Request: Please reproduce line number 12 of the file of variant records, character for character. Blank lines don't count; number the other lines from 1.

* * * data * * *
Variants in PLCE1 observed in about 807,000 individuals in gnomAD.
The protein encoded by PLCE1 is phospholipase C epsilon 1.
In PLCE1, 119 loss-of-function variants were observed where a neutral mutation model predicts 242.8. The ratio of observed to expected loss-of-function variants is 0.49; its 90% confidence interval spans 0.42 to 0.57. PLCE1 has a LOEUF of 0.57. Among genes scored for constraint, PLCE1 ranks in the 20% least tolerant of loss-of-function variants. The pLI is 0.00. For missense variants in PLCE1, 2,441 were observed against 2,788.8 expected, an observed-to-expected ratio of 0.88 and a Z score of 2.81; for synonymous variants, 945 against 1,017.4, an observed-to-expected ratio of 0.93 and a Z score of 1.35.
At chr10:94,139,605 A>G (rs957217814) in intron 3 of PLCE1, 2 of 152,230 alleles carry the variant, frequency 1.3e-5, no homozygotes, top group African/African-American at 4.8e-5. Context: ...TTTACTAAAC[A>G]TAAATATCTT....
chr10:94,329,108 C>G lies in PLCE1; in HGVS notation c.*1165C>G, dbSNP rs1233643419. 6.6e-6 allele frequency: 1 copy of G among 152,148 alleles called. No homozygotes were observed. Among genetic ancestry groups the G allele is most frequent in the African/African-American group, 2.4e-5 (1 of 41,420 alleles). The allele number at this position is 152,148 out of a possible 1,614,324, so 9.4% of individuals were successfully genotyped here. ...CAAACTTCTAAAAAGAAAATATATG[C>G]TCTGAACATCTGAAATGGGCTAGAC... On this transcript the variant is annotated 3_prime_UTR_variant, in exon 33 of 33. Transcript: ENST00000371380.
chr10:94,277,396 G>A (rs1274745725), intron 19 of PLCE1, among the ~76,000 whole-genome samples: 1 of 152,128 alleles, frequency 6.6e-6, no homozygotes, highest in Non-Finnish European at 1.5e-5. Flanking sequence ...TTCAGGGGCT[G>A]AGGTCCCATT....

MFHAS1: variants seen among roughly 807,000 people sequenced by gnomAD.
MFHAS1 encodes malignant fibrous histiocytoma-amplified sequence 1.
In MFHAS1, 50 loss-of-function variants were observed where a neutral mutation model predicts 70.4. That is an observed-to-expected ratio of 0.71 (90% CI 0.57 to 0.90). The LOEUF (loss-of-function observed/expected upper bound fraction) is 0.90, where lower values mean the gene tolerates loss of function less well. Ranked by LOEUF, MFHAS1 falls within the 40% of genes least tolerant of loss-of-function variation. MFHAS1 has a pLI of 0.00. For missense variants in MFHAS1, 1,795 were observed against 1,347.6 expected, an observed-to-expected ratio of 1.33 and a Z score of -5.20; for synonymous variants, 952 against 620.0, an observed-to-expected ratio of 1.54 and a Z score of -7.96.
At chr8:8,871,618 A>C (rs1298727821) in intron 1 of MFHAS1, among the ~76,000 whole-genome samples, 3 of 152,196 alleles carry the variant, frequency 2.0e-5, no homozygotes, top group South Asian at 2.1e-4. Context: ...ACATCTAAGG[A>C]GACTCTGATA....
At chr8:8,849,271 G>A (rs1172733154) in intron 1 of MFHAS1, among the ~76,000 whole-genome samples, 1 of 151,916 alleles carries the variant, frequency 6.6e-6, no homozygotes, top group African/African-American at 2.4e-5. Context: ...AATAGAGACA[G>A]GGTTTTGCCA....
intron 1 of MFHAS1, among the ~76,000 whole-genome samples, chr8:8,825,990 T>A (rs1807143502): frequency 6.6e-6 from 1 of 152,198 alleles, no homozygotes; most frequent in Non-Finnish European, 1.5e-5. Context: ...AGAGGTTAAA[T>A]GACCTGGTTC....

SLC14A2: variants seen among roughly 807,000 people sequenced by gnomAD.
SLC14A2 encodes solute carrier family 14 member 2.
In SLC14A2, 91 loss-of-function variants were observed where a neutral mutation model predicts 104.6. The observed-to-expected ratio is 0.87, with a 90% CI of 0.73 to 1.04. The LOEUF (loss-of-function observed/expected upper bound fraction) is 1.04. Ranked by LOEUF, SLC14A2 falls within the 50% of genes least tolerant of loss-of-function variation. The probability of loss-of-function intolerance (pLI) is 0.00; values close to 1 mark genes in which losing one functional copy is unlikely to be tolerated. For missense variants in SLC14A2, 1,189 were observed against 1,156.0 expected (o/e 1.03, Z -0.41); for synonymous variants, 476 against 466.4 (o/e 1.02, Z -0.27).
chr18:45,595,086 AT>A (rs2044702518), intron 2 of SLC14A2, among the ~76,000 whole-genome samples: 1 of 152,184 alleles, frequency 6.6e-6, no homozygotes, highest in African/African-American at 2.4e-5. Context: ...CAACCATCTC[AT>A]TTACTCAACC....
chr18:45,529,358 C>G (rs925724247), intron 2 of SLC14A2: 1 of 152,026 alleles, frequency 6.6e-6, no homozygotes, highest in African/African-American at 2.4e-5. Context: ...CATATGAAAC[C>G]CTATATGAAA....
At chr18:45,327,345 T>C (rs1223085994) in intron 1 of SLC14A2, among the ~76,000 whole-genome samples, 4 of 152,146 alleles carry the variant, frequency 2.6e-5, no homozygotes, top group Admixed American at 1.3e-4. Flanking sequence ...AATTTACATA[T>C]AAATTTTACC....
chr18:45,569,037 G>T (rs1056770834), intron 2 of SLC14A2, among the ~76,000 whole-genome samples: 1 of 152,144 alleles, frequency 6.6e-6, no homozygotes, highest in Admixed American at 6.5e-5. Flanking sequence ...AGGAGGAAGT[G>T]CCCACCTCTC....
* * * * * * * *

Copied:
intron 1 of MFHAS1, among the ~76,000 whole-genome samples, chr8:8,825,990 T>A (rs1807143502): frequency 6.6e-6 from 1 of 152,198 alleles, no homozygotes; most frequent in Non-Finnish European, 1.5e-5. Context: ...AGAGGTTAAA[T>A]GACCTGGTTC....